Ask any Frenchman (or woman) and they’ll tell you that Champagne can only come from France. No, they’re not just being patriotic – by European law only sparkling wines from a small region in northern France which are made in a specific way can bear the illustrious name “Champagne”.
At this point you might be thinking, “so Champagne is just a fancy name for a sparkling wine from France?” The truth is that Champagne has a number of unique characteristics which make it taste completely different from, for example, Prosecco or sparkling wines made in the U.S.A.
How Is Champagne Made?
First of all, Champagne must be made according to a strict set of rules and regulations. All Champagnes have to be produced using the “méthode champenoise”, a special technique for making sparkling wine which has been used for centuries in the region. According to legend, the method was accidentally discovered by a 17th century monk called Dom Perignon who was in charge of the cellar at Hautvillers. “Come quickly, I am tasting stars!”, he is said to have cried out when he tasted his very first glass of bubbly.
Today the story is viewed as a marketing spiel created in the 19th century, but the process of crafting Champagne is still full of romance and beauty. The first step is to create a still wine which is then blended to create the perfect cuvee. The winemaker then adds what is called “liqueur de tirage” which contains water, yeast and sugar. This combo kickstarts a second fermentation process.
While the first fermentation is usually done in a stainless steel tank, this time round the fermentation is carried out inside the sealed bottle. This makes sure that the carbon dioxide gas which are naturally produced during fermentation are trapped and creates those delicate bubbles which we expect in our glass of Champagne!
Lengthy Ageing Process
Another way in which Champagne is different from many other sparkling wines is the long ageing process. Champagne must be aged on the ‘lees” or the dead yeast cells for at least 12 months, followed by an additional 3 months in the bottle. Many top quality producers, like Paul Michel whose Champagnes we recently brought over in a special shipment from France, age their Champagnes for far longer than this.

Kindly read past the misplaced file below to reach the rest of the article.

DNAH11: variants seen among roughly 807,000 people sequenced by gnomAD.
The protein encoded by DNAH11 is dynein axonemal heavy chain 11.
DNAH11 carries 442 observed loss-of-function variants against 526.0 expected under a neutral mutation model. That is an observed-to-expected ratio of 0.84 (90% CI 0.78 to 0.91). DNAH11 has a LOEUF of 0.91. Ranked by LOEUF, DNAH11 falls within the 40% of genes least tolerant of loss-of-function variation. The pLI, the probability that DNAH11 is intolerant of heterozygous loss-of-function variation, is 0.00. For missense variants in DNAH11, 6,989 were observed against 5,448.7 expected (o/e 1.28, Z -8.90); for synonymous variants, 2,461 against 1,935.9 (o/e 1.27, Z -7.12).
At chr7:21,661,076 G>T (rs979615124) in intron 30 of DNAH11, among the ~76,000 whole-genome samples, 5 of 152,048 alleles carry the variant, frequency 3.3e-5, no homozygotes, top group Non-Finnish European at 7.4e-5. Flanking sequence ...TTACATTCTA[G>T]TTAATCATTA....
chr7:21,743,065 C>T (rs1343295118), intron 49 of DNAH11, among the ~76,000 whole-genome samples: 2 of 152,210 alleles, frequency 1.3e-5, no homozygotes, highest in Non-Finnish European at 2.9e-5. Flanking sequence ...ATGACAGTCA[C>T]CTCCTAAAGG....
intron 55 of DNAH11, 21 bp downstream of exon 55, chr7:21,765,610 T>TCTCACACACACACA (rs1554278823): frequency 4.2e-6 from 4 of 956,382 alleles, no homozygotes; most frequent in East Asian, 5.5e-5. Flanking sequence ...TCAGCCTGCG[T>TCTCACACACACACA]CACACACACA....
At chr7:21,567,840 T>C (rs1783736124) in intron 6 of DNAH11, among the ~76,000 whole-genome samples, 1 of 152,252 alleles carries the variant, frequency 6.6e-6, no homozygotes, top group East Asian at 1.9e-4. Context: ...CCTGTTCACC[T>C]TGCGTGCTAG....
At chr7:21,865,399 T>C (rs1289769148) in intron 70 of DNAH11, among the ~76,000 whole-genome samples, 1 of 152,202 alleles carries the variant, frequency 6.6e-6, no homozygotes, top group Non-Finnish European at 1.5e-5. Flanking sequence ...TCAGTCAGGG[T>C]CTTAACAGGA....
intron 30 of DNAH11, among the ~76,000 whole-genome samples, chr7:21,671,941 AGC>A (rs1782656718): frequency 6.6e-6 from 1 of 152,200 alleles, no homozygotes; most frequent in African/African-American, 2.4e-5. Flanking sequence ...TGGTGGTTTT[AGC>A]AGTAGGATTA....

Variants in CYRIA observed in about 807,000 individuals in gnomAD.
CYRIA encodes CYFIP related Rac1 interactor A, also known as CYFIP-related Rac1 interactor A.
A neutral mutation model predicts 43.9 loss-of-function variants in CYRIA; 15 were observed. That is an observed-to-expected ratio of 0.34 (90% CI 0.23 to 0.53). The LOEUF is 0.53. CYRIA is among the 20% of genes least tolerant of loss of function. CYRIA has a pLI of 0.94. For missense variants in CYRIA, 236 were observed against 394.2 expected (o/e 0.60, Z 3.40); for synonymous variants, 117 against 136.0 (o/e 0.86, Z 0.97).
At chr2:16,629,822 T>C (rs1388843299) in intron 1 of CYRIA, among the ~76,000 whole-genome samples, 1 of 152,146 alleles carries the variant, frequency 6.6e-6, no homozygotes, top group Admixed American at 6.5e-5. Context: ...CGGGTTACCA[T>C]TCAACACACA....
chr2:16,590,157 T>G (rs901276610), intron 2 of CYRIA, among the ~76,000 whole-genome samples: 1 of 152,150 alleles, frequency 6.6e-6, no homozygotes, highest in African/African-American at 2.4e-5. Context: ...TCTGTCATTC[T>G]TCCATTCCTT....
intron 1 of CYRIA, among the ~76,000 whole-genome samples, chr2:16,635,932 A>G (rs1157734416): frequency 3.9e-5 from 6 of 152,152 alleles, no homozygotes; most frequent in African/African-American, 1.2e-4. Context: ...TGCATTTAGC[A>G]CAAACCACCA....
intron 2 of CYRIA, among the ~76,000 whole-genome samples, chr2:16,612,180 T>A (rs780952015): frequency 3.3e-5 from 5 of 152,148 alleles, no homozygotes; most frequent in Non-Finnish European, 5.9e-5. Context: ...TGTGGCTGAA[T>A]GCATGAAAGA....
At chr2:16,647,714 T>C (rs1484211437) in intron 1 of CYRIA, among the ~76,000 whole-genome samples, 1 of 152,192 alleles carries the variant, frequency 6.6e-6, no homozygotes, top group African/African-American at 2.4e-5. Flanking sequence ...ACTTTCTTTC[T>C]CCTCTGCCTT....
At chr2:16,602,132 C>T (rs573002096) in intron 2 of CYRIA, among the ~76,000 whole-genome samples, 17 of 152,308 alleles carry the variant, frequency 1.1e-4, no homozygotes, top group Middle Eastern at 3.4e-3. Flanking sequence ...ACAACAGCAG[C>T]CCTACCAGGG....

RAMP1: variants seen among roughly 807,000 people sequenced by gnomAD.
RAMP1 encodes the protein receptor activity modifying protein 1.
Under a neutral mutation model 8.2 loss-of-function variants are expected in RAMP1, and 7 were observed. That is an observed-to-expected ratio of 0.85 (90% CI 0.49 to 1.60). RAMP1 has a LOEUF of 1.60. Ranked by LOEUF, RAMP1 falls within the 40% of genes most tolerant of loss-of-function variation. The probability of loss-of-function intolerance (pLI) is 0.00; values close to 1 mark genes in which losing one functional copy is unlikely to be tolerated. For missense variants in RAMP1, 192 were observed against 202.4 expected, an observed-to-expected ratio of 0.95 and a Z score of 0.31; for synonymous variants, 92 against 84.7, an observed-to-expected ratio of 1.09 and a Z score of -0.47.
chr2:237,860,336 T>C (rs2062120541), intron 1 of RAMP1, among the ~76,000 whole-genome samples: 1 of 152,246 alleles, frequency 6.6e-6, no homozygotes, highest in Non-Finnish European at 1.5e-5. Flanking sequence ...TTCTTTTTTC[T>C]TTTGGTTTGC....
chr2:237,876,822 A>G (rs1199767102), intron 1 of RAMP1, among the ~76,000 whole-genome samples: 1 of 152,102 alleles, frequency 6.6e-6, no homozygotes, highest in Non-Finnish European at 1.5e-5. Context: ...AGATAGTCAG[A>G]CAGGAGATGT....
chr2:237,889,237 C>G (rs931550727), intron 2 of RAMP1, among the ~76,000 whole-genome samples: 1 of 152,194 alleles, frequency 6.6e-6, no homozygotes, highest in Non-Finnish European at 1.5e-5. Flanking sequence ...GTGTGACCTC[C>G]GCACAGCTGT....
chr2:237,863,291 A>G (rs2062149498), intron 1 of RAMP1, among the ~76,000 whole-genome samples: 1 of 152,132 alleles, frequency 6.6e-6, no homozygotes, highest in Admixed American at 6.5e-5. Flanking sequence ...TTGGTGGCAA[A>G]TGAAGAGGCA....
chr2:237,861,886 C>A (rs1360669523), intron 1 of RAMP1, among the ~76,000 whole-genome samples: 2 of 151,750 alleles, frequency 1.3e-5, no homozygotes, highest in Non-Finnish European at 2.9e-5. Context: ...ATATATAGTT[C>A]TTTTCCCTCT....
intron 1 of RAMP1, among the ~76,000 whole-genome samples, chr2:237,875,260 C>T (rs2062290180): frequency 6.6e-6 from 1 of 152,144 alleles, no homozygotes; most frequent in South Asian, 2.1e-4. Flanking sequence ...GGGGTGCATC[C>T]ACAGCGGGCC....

Although this might not sound very appetising, the lees give Champagne its characteristic biscuity or toasty flavours and complexity. In comparison, Prosecco producers are only required to age their wines for 90 days which creates a much simpler style of wine.
You don’t need to worry about having dead yeast cells floating in your glass, though. Before the Champagne is released for sale it undergoes what is called “degorgement” or “disgorging”. Over the course of several weeks the bottles are slowly turned upside down so the lees collect in the neck of the bottle. The winemaker then freezes the neck of the bottle so that when the bottle is opened the frozen yeast cells fly out under pressure.
The final stage is to add a bit of wine to replace the amount lost during disgorging. At this point there is also the option to add a bit of sugar. This is optional and determines how sweet or dry the finished Champagne will be. Then the bottle is sealed up with the classic mushroom-shaped Champagne corks and held in place with a wire muzzle.
A Cool Northerly Climate
Another key factor that goes into making top Champagnes is the cool northerly climate of the Champagne region. The relatively short ripening season and possibility of cool days even in summer make this ideal territory for Chardonnay and Pinot Noir. The cool conditions also help to preserve acidity and limit the amount of sugar that will be found in the grapes. This is ideal for making light and elegant sparkling wines with a good balance between freshness and the rich toasty flavours from the ageing process.
How To Serve Champagne
The best way to serve Champagne is to chill it in your fridge for at least a couple of hours. Today there are a whole range of different Champagne glasses available depending on your exact preferences. If you want to emphasise those pretty bubbles, try serving it in a tall flute. If you’re more interested in the flavours and aromas of the Champagne, try the broad and shallow coupe glass. You can also serve Champagne in normal wine glasses if you don’t have flutes or coupe glasses and you don’t want to buy extra glassware.
So now you’ve learned what makes Champagne so special, you need to pour yourself a glass or two and enjoy it for yourself! We highly recommend trying Paul Michel’s Premier Cru Champagne which has just arrived in the somMailier office direct from France. This top family-owned Champagne house was founded in 1847 and boasts 20 acres of predominantly Premier Cru and Grand Cru vineyards. This particular Champagne is a Blanc de Blancs which means it is only made from Chardonnay grapes. It’s the perfect light and elegant sparkling wine to serve as an aperitif or with fresh seafood.